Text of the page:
Effect of informal care targeting the elderly on elderly mortality

An evaluation of the effect of informal care targeting the elderly on elderly mortality

Exogenous variation in volunteering caused by an earthquake was used to identify the causal effect of volunteering on mortality. The level of volunteering considerably increased in municipalities hit by the earthquake, while other municipalities did not experience such a sharp increase in volunteering. The identification was based on a comparison of mortality between the municipalities with no or little loss of life attributable to the earthquake, that experienced the sharp increase in the level of volunteering, and the nearby municipalities that were not hit by the earthquake.

The UK government has been promoting ‘a culture of generosity’, which encourages the public to volunteer to help improve life for all. It spent £13.9 billion on voluntary organisations in 2009/10, corresponding to approximately 2 per cent of total spending. Over the past decade, government spending on the voluntary sector has grown by 61 per cent in real terms, showing a growing importance of the voluntary sector in providing public services. Results aided in assessing whether citizens (volunteers) can contribute to the well-being of the elderly.

The results indicated that volunteering significantly reduced the mortality of people in their 70s and 80s or older. Furthermore, supplementary regressions to infer the mechanisms through which volunteering reduces mortality suggested that volunteering is likely to have reduced elderly morality by improving general health conditions of the elderly. Following the manual on the measurement of volunteer work (International Labour Office, 2011), it is estimated that approximately $71,360 worth of labour was used to save the lives of two individuals aged 70 or older in a given year. Broadly, these results yielded various important policy implications. For instance, by encouraging volunteer work for the elderly, a government may be able to curb public healthcare expenditures without compromising health support for the elderly.

Outcome and Translation

This could be an important policy measure amid the ongoing population ageing and resulting increase in healthcare expenditures across the world. Similarly, in countries with limited provision of public healthcare services, a government, by supporting volunteer activity for the elderly, may still be able to improve the health of the elderly who cannot afford private healthcare.

In December 2016 the project was featured by the University of Aberdeen as a news item to highlight the causal link between volunteering and care recipients living longer. It was also featured in the Times newspaper (paywall), the Daily Mail, the Daily Express, the Daily News in India, the Aberdeen Evening Express, and was featured on BBC Radio Scotland.

HERU researchers involved in this research project: Yu Aoki

Publications

Aoki, Y. (2014) Donating time to charity: not working for nothing. IZA Discussion Paper No. 7990, Bonn, Germany: Institute for the Study of Labor (IZA).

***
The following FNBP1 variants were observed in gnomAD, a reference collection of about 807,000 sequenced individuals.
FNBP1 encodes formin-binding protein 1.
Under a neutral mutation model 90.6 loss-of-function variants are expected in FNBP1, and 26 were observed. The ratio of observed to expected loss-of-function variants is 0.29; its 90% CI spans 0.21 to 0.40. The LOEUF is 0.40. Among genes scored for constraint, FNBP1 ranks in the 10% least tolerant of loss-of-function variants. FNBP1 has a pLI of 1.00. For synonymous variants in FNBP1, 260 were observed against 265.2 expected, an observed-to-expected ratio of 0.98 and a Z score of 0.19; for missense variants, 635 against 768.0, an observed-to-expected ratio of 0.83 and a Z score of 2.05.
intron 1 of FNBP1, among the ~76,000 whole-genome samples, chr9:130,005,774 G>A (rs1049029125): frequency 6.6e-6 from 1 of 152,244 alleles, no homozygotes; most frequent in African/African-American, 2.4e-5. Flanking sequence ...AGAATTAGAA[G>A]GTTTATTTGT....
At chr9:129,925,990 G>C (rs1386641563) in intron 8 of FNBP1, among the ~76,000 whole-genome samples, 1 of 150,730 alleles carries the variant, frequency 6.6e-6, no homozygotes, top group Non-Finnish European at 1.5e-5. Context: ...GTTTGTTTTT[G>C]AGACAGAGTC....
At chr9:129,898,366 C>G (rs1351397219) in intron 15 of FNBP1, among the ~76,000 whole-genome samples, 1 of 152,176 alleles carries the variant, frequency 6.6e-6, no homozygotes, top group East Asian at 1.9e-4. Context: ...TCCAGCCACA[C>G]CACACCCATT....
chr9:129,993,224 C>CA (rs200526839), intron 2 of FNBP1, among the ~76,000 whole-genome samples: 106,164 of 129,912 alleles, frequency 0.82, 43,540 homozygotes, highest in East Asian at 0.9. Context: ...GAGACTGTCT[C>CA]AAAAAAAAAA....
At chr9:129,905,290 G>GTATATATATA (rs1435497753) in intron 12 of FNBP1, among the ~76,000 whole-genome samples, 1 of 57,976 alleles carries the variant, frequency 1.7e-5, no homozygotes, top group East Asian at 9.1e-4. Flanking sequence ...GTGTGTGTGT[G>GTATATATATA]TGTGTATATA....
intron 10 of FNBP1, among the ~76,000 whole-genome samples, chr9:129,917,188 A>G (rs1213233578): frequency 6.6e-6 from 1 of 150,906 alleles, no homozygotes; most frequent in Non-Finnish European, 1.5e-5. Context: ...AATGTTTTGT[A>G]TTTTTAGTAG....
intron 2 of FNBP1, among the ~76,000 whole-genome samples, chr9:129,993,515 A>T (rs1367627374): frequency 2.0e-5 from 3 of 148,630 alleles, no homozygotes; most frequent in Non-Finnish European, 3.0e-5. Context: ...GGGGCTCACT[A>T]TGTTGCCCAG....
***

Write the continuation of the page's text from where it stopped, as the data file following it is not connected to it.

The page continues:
Aoki, Y. (2014) More schooling, less youth crime? Learning from an earthquake in Japan, IZA Discussion Paper No. 8619, Bonn, Germany: Institute for the Study of Labor (IZA).

Aoki, Y. (2016) 'Donating time to charity: working for nothing?', Oxford Economic Papers, 69(1), 97-117.

Aoki, Y. (2016) The power of volunteering: you make me happy and I make you happy, OUP Blog, Oxford: Oxford University Press.

Presentations

Aoki, Y. (2013) 'An outcome of free labour supply: effect of volunteer work on mortality. A natural experiment using earthquake shocks in Japan', Scottish Institute for Research in Economics Young Researchers' Forum, Edinburgh, 8 March 2013.

Aoki, Y. (2013) 'An outcome of free labour supply: effect of volunteer work on mortality. A natural experiment using earthquake shocks in Japan', Scottish Economics Society Annual Conference, Perth, 8-10 April 2013.

Aoki, Y. (2013) 'An outcome of free labour supply: effect of volunteer work on mortality. A natural experiment using earthquake shocks in Japan,' 8th Annual CEDI Conference: Economics of Disasters - Natural and Man-made, London, 22 May 2013.

Aoki, Y. (2013) 'An outcome of free labour supply: effect of volunteer work on mortality. A natural experiment using earthquake shocks in Japan', Annual Conference of the European Society for Population Economics, Aarhus, Denmark, 12-15 June 2013.

Aoki, Y. (2013) 'Donating time to charity: not working for nothing. Social externality of volunteer work', Stirling University Economics Department Seminar, Stirling University, September 2013.

Aoki, Y. (2013) 'Donating time to charity: not working for nothing. Social externality of volunteer work', TEPP Conference: Research on Health and Labour, Le Mans, France, 26-27 September 2013.

Aoki, Y. (2013) 'Donating time to charity: not working for nothing. Social externality of volunteer work', Newcastle University Economics Department and Institute of Health & Society Joint Seminar, Newcastle University, October 2013.

Aoki, Y. (2015) 'Donating time to charity: not working for nothing', Heriot-Watt University, Economics Department Seminar, Heriot-Watt University, Edinburgh, 16 January 2015.